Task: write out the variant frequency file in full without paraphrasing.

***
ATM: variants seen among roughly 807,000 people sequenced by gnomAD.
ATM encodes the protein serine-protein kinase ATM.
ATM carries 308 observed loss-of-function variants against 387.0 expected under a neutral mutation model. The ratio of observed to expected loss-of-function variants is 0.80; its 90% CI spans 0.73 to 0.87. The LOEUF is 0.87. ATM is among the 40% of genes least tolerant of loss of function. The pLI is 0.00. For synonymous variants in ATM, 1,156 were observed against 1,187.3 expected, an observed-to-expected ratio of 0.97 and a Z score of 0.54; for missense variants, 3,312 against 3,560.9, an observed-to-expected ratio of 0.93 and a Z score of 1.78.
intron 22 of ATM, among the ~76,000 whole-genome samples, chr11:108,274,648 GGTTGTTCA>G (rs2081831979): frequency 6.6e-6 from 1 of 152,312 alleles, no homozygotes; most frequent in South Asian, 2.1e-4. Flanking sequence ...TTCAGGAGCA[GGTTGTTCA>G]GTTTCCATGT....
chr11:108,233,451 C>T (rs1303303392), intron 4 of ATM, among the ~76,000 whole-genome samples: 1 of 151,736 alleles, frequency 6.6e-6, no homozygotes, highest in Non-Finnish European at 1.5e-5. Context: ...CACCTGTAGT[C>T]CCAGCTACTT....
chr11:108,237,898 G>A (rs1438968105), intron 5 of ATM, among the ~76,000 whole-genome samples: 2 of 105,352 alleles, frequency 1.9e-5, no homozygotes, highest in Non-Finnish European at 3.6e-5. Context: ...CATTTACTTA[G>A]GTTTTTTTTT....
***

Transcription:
ATM: variants seen among roughly 807,000 people sequenced by gnomAD.
ATM encodes the protein serine-protein kinase ATM.
ATM carries 308 observed loss-of-function variants against 387.0 expected under a neutral mutation model. The ratio of observed to expected loss-of-function variants is 0.80; its 90% CI spans 0.73 to 0.87. The LOEUF is 0.87. ATM is among the 40% of genes least tolerant of loss of function. The pLI is 0.00. For synonymous variants in ATM, 1,156 were observed against 1,187.3 expected, an observed-to-expected ratio of 0.97 and a Z score of 0.54; for missense variants, 3,312 against 3,560.9, an observed-to-expected ratio of 0.93 and a Z score of 1.78.
intron 22 of ATM, among the ~76,000 whole-genome samples, chr11:108,274,648 GGTTGTTCA>G (rs2081831979): frequency 6.6e-6 from 1 of 152,312 alleles, no homozygotes; most frequent in South Asian, 2.1e-4. Flanking sequence ...TTCAGGAGCA[GGTTGTTCA>G]GTTTCCATGT....
chr11:108,233,451 C>T (rs1303303392), intron 4 of ATM, among the ~76,000 whole-genome samples: 1 of 151,736 alleles, frequency 6.6e-6, no homozygotes, highest in Non-Finnish European at 1.5e-5. Context: ...CACCTGTAGT[C>T]CCAGCTACTT....
chr11:108,237,898 G>A (rs1438968105), intron 5 of ATM, among the ~76,000 whole-genome samples: 2 of 105,352 alleles, frequency 1.9e-5, no homozygotes, highest in Non-Finnish European at 3.6e-5. Context: ...CATTTACTTA[G>A]GTTTTTTTTT....